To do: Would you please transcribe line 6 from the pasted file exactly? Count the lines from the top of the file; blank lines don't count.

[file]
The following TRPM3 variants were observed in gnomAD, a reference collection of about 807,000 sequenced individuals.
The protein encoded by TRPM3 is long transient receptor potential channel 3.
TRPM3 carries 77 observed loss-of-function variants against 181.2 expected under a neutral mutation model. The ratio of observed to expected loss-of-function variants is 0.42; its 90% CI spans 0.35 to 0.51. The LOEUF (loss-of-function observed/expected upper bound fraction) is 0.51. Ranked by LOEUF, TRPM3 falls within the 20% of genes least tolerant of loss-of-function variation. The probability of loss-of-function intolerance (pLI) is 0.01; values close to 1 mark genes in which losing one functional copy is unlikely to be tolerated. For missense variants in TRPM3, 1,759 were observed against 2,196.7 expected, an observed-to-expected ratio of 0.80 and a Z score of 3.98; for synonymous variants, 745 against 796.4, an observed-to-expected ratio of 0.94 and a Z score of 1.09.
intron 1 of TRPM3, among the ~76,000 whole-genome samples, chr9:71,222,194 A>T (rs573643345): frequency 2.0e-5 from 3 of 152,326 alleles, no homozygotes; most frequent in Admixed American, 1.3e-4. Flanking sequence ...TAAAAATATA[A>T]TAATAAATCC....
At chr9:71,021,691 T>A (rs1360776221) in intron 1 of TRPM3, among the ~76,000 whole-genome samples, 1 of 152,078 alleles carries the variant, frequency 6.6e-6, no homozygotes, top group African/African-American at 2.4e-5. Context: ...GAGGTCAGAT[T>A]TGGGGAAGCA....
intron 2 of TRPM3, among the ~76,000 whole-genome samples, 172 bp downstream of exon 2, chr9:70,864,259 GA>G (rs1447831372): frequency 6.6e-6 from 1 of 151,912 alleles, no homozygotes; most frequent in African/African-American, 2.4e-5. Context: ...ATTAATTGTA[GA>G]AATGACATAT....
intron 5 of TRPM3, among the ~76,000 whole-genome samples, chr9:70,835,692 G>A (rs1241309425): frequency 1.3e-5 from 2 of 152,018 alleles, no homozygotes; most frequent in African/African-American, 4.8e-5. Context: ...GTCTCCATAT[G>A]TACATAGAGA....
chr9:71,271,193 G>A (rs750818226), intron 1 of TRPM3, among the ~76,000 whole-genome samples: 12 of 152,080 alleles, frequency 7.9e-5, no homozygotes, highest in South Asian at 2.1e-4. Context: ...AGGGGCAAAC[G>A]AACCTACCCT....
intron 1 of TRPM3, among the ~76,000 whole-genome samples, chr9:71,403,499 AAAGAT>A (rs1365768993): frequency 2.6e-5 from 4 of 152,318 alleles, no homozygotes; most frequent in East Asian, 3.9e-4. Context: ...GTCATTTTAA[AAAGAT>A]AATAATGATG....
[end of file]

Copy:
intron 2 of TRPM3, among the ~76,000 whole-genome samples, 172 bp downstream of exon 2, chr9:70,864,259 GA>G (rs1447831372): frequency 6.6e-6 from 1 of 151,912 alleles, no homozygotes; most frequent in African/African-American, 2.4e-5. Context: ...ATTAATTGTA[GA>G]AATGACATAT....